Training Impact on Novice and Experienced Research Coordinators
The Qualitative Report
Training Impact on Novice and Experienced Research Coordinators
Stephen Sonstein 0 1 2 3 4
0 Alena Prikhidko PhD, candidate University of Florida , USA
1 JoNell Efantis Potter Ph.D. University of Miaim
2 Linda S. Behar-Horenstein University of Florida , USA
3 Eastern Michigan University , USA
4 Stephanie Swords MA, CCRP Johns Hopkins University
Part of the Translational Medical Research Commons This Article has supplementary content. View the full record on NSUWorks here: http://nsuworks.nova.edu/tqr/vol22/iss12/3
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Training Impact on Novice and Experienced Research Coordinators
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Research reported in this publication was supported by the University of Florida Clinical and Translational
Science Institute, which is supported in part by the NIH National Center for Advancing Translational
Sciences under award number UL1TR001427. The content is solely the responsibility of the authors and does
not necessarily represent the official views of the National Institutes of Health.
Linda S. Behar-Horenstein; JoNell Efantis Potter Ph.D.; Alena Prikhidko PhD, candidate; Stephanie Swords
MA, CCRP; Stephen Sonstein PhD; and H Robert Kolb RN BS CCRC
Training Impact on Novice and Experienced Research
Linda S. Behar-Horenstein
University of Florida, Gainesville, Florida, USA
JoNell Efantis Potter
University of Miami, Miami, Florida, USA
University of Florida, Gainesville, Florida, USA
Johns Hopkins University, Baltimore, Maryland, USA
Eastern Michigan University, Ypsilanti, Michigan, USA
H. Robert Kolb
University of Florida, Gainesville, Florida, USA
Competency-based training and professional development is critical to the
clinical research enterprise. Understanding research coordinators’
perspectives is important for establishing a common core curriculum. The
purpose of this study was to describe participants’ perspectives regarding the
impact of online and classroom training sessions. 27 participants among three
institutions, completed a two-day classroom training session. 10 novice and
seven experienced research coordinators participated in focus group
interviews. Grounded theory revealed similarities in novice and experienced
coordinator themes including Identifying Preferences for Instruction and
Changing Self Perceptions. Differences, seen in experienced participants,
focused on personal change, in the theme of Re-Assessing Skills. Infrastructure
and cultural issues were evident in their theme, Promoting Leadership and
Advocacy. Novice participants recommended ways to improve training via their
theme of Making Programmatic Improvements. Participants reported a clear
preference for classroom learning. Training played an influential role in
changing participants’ self-perceptions by validating their experiences. The
findings provided guidance for developing a standardized curriculum. Training
must be carefully tailored to the needs of participants while considering
audience needs based on work experience, how technology can be used and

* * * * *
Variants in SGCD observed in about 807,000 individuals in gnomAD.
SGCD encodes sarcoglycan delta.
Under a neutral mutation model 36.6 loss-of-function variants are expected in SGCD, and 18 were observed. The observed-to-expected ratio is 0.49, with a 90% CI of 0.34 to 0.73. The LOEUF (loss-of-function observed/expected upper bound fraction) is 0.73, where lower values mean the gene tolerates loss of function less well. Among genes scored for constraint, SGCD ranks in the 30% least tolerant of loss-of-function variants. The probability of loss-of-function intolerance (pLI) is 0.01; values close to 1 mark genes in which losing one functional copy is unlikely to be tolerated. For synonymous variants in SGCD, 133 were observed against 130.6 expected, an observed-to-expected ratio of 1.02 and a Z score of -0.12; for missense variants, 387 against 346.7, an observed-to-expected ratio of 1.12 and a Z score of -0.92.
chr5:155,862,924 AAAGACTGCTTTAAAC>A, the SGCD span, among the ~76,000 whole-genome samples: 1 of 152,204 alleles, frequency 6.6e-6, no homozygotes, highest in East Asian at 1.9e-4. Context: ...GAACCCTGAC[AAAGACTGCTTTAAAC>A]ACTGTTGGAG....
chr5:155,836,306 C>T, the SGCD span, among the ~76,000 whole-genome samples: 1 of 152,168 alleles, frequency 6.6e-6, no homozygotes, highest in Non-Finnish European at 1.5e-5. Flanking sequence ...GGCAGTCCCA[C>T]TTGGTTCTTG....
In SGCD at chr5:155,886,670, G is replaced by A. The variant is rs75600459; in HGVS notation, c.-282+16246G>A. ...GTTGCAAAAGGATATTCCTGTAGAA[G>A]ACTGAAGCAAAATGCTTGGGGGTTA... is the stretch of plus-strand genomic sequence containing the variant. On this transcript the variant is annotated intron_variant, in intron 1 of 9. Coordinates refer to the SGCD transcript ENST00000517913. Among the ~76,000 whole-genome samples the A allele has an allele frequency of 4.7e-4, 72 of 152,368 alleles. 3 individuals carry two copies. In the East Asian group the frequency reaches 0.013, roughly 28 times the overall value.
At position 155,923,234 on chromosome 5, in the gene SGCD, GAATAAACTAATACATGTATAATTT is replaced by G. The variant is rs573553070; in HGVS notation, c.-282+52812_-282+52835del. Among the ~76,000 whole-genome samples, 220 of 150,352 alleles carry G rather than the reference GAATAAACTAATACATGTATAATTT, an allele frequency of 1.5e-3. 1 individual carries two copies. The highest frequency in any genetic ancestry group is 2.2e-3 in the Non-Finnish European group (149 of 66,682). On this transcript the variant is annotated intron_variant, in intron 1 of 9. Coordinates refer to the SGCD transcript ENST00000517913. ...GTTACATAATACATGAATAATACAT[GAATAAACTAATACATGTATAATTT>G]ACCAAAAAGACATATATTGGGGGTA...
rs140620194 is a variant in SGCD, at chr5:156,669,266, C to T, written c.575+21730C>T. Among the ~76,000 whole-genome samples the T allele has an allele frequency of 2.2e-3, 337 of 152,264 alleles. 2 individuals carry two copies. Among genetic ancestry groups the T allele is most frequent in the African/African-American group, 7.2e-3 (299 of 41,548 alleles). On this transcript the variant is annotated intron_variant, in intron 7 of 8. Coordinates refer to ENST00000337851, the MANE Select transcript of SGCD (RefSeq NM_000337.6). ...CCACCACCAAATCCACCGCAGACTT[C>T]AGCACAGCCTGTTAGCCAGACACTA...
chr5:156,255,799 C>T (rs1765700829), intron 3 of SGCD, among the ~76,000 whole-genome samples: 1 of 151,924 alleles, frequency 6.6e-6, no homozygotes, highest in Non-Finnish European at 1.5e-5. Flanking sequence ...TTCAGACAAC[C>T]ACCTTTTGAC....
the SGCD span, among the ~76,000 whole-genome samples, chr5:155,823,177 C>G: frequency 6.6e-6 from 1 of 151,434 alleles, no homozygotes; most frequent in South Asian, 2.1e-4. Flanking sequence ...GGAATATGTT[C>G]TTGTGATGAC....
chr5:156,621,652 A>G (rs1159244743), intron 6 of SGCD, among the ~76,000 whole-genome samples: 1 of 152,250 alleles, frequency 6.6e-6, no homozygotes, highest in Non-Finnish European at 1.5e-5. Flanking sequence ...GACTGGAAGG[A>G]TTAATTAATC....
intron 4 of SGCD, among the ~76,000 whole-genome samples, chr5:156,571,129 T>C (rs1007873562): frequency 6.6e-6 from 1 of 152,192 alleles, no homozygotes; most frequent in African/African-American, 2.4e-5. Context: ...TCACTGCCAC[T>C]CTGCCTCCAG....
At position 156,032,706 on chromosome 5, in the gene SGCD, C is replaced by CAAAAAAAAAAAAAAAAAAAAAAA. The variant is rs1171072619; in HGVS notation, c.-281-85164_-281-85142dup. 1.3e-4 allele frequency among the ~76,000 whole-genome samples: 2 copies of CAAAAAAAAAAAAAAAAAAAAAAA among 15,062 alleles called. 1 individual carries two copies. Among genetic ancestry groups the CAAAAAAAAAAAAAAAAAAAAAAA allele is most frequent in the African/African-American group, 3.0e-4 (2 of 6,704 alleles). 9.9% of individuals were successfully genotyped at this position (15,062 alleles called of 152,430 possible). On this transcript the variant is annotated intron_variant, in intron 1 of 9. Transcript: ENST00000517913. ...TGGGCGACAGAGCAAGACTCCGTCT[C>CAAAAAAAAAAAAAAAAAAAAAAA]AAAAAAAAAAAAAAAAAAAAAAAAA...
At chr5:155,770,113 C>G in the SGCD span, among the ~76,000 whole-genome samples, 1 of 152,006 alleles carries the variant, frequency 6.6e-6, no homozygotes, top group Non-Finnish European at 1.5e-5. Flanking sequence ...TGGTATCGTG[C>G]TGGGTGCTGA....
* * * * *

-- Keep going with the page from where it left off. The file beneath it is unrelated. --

offering content that is most urgently needed. Keywords: Clinical Research
Coordinators, Competency-Based Training, Grounded Theory, Online Training
Identifying and implementing competency-based training and professional
development programs are critical to the future of the clinical research enterprise. According
to the International Conference on Harmonization Good Clinical Practice (ICH) individuals
who conduct trials should be qualified by education, training, and experience
(U. S. Department
of Health and Human Services Food and Drug Administration, 1996)
. The training and
education of research staff is integral to the success of the team and the studies they work on.
However, standardization of training across all research staff, and within specific roles of the
team, is limited
(Duane, Granda, Munz, & Cannon, 2007)
. Developing a skilled professional
workforce coincides with the World Health Organization’s initiative on transforming health
(World Medical Association, 2013)
The current model of non-standardized training, given via online modules, may not
adequately meet ICH guidelines or ensure professional competence. Competency development
by definition refers to an observed ability that develops from an integration of knowledge,
skills, values, and attitudes
(Dreyfus, 2004; Frank et al., 2010)
. In Medicine, professionalism
is often equated with competency. Epstein and Hundert (2002) suggested “professional
competence is the habitual and judicious use of communication, knowledge, technical skills,
clinical reasoning, emotions, values, and reflection in daily practice for the benefit of the
individual and community being served” (p. 226). In the clinical research enterprise, each team
member must acquire the necessary knowledge, training and experience so that they can
successfully perform the responsibilities for conducting clinical research. However, the issue
of ensuring competency is yet another matter.
A standardized training model based on common core competencies is instrumental to
a professional workforce’s ability to meet the demands of an evolving clinical research